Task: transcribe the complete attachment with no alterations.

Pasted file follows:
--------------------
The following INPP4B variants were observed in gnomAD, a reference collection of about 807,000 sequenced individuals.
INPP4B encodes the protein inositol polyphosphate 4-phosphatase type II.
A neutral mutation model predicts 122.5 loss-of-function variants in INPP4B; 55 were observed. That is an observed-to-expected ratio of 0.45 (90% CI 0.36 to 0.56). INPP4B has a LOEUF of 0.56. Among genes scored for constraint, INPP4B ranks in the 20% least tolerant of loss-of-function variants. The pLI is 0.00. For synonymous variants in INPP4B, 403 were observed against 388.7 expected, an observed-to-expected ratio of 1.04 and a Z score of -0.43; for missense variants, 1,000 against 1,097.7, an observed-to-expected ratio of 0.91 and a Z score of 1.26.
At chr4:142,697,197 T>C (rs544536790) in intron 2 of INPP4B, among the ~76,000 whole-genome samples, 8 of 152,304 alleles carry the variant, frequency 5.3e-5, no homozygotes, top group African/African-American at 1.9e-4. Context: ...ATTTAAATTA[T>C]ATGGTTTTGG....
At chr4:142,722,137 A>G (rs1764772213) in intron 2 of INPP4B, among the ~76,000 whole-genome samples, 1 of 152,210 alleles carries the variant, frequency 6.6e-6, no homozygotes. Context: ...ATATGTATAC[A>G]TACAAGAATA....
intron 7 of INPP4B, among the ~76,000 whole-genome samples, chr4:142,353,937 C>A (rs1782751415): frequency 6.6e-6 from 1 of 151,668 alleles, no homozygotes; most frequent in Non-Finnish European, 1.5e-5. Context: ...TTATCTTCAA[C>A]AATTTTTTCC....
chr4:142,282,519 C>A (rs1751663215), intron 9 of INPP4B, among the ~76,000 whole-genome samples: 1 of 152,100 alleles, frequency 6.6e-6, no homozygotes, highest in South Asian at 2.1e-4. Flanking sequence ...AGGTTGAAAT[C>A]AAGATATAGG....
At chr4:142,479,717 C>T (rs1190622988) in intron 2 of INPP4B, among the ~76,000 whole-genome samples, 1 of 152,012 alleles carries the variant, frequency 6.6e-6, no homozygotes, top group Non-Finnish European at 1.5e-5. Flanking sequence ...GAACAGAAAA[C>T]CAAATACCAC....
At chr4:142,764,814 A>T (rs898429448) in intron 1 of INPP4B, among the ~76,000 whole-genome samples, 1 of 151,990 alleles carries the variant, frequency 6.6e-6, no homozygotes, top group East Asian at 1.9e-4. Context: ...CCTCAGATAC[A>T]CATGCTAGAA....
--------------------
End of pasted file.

The following INPP4B variants were observed in gnomAD, a reference collection of about 807,000 sequenced individuals.
INPP4B encodes the protein inositol polyphosphate 4-phosphatase type II.
A neutral mutation model predicts 122.5 loss-of-function variants in INPP4B; 55 were observed. That is an observed-to-expected ratio of 0.45 (90% CI 0.36 to 0.56). INPP4B has a LOEUF of 0.56. Among genes scored for constraint, INPP4B ranks in the 20% least tolerant of loss-of-function variants. The pLI is 0.00. For synonymous variants in INPP4B, 403 were observed against 388.7 expected, an observed-to-expected ratio of 1.04 and a Z score of -0.43; for missense variants, 1,000 against 1,097.7, an observed-to-expected ratio of 0.91 and a Z score of 1.26.
At chr4:142,697,197 T>C (rs544536790) in intron 2 of INPP4B, among the ~76,000 whole-genome samples, 8 of 152,304 alleles carry the variant, frequency 5.3e-5, no homozygotes, top group African/African-American at 1.9e-4. Context: ...ATTTAAATTA[T>C]ATGGTTTTGG....
At chr4:142,722,137 A>G (rs1764772213) in intron 2 of INPP4B, among the ~76,000 whole-genome samples, 1 of 152,210 alleles carries the variant, frequency 6.6e-6, no homozygotes. Context: ...ATATGTATAC[A>G]TACAAGAATA....
intron 7 of INPP4B, among the ~76,000 whole-genome samples, chr4:142,353,937 C>A (rs1782751415): frequency 6.6e-6 from 1 of 151,668 alleles, no homozygotes; most frequent in Non-Finnish European, 1.5e-5. Context: ...TTATCTTCAA[C>A]AATTTTTTCC....
chr4:142,282,519 C>A (rs1751663215), intron 9 of INPP4B, among the ~76,000 whole-genome samples: 1 of 152,100 alleles, frequency 6.6e-6, no homozygotes, highest in South Asian at 2.1e-4. Flanking sequence ...AGGTTGAAAT[C>A]AAGATATAGG....
At chr4:142,479,717 C>T (rs1190622988) in intron 2 of INPP4B, among the ~76,000 whole-genome samples, 1 of 152,012 alleles carries the variant, frequency 6.6e-6, no homozygotes, top group Non-Finnish European at 1.5e-5. Flanking sequence ...GAACAGAAAA[C>T]CAAATACCAC....
At chr4:142,764,814 A>T (rs898429448) in intron 1 of INPP4B, among the ~76,000 whole-genome samples, 1 of 151,990 alleles carries the variant, frequency 6.6e-6, no homozygotes, top group East Asian at 1.9e-4. Context: ...CCTCAGATAC[A>T]CATGCTAGAA....